Armastusest: tõerežiimid, kultuurilised kujutelmad ja kehaline ilmakogemus / On Love: Regimes of Truth, Cultural Imaginaries and the Bodily Experience of Being in the World
Teesid: Artikkel lähtub teesist, et armastus kui tunne on lahutamatu sellest, kuidas seda tunnet sõnastatakse ja mõistetakse, ning analüüsib armastust kui kultuurilist kujutelma, mille äratundmine toimub vastavalt ühiskondlikele tõerežiimidele. Analüüsin armastusekujutust kirjandusteostes Alain Badiou armastusmudelite abil ning lisan juurde „omailma-armastuse mudeli“, mis rõhutab armastatu lahutamatust teda ümbritsevast ruumist: armastus ei hõlma vaid armastatut kui kindlalt piiritletud kehalist üksust, vaid ka seda, kuidas armastatu suhestub teda ümbritseva ruumiga ja inimestega.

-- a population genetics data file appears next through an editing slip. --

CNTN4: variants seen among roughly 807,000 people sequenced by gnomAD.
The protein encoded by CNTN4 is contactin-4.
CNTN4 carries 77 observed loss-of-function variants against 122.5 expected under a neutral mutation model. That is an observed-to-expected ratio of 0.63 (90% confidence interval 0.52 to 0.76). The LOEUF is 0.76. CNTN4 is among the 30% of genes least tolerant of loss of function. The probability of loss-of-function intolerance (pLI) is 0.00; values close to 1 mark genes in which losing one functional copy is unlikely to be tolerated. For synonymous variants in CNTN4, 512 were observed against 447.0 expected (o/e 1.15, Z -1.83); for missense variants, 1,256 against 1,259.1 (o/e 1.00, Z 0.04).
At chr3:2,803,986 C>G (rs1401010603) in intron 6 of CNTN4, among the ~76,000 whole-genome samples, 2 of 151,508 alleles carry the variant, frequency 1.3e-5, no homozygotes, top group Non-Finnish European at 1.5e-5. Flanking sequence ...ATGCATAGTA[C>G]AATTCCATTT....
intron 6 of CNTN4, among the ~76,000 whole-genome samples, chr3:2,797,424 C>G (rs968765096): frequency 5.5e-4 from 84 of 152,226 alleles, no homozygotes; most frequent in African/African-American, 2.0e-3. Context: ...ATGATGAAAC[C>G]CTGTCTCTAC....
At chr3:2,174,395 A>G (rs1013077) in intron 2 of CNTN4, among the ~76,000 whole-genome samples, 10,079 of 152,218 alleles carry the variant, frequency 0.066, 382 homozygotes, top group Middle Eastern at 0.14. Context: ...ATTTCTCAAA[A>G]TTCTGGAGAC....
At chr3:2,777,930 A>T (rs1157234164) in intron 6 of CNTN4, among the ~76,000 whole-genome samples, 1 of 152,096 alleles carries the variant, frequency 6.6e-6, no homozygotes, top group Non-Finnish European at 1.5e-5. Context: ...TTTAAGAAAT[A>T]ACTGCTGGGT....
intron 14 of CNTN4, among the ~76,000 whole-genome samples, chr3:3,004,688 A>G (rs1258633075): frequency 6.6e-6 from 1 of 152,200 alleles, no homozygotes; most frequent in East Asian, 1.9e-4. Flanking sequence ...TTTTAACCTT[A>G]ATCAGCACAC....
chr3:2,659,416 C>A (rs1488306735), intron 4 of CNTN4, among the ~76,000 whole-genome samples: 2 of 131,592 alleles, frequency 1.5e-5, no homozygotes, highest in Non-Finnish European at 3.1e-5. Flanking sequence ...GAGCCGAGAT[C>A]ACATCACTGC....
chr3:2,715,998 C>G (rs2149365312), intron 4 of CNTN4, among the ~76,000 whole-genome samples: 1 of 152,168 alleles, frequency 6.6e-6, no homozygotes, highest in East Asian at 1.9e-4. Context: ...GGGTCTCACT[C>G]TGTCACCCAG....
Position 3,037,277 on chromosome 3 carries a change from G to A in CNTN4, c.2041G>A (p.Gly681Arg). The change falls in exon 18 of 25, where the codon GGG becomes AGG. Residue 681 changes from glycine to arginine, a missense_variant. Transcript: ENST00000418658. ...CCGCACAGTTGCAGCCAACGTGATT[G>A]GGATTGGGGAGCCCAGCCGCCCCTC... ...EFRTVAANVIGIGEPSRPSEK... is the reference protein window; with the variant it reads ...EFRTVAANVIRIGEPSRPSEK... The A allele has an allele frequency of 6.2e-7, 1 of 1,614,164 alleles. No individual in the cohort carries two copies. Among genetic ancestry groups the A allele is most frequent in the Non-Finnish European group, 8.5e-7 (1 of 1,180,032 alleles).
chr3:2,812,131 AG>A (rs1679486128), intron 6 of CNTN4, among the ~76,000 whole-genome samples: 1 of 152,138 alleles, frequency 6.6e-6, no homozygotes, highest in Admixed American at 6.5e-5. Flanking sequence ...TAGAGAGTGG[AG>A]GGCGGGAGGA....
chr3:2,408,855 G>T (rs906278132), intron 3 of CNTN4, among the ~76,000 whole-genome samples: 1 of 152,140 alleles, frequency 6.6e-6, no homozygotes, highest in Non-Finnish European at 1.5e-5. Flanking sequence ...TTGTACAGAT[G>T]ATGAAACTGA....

This article presents and analyses Western cultural models for speaking and thinking about love. According to Michel Foucault, each society establishes its regimes of truth: certain types of discourses are approved as truthful while others are declared unreliable. Each society includes mechanisms of control, which distinguish true statements from false, and assign some people (but not others) the authority to judge the true and the false, the acceptable and the unacceptable. Regimes of truth also establish paradigms for judging the truthfulness of love: according to the romantic regime, for example, love is something ephemeral, ungraspable and immeasurable, it transgresses established boundaries and norms; according to the pragmatic regime, by contrast, love can be expressed in economic terms and thus measured: a precious gift expresses commitment (else it would be a waste of money). There may be no common ground for one regime to concede legitimacy to a value asserted by a competing regime. In the view of the romantic regime, for example, the pragmatic regime might be judged as cynical and failing to grasp the essence of love – such weighing of feelings belongs to modern regimes of truth. Both romantic and pragmatic regimes of truth belong to the larger field of cultural imaginaries. Regimes of truth order and systematize the sphere of cultural imaginaries. I understand cultural imaginaries as the common ground for cultural identifications, a cultural complex that links together cultural memory, the value systems of one’s present era, and commonly shared expectations of the future. Cultural imaginaries are grounded partly in national culture, including the cultural knowledge shared by the national community and communicated in classic texts of that culture. In addition to specifically national cultural knowledge, cultural imaginaries of course include supranational value systems. The sphere of cultural imaginaries includes many inconsistencies and incoherences and it is always in flux. Alain Badiou outlines four philosophical models of love: romantic, practical, sceptical, and existential. I suggest that only two of these, romantic and practical (which I call pragmatic), have attained the status of truth regimes. Badiou foregrounds the existential model: according to this model, love is the refashioning of the world through the two, the replacement of an egocentric perspective with a new perspective based on difference. The greatest enemy of such love is not an intruder from the outside, but the self itself that prefers its own egocentric world to the love-world that is constituted through difference. Following some popular models of romantic relations in novels, I point to frequent tensions between the different models of love in fiction: contract-love versus romantic love, love as desire versus love as a friendly attachment, and I promote a model of love as encompassing not simply the figure of the beloved, but also his or her surrounding world. The conglomerate of relations that surrounds the human body and plays part in its identification could be called, following Jacob von Uexküll, an environing world of love. Thus, in Pride and Prejudice by Jane Austen or in Kasuema by Silvia Rannamaa, the female protagonist loves her male counterpart within the context of his environing world, where the beloved’s situatedness in the world becomes a defining part of the amorous relationship. Novels and films offer also a model of love which runs against Badiou’s ideal model of existential love: in some texts, the reader witnesses the birth of agency through love. In Asta Willmann’s short story “Patu vili”, the main character Berit grows from a passive, suffering, violated woman into an active, powerful figure who has strength enough to make groundbreaking decisions. She does not experience love as an existential relationship that offers her the possibility to relate to the world through the two, but she does grow as a human being and she finds strength and support in her relationship. The article concludes with the analysis of Mäetaguse vanad by Anton Hansen Tammsaare – in face of the death of one of the longterm partners, this short story exemplifies important qualities of shared life.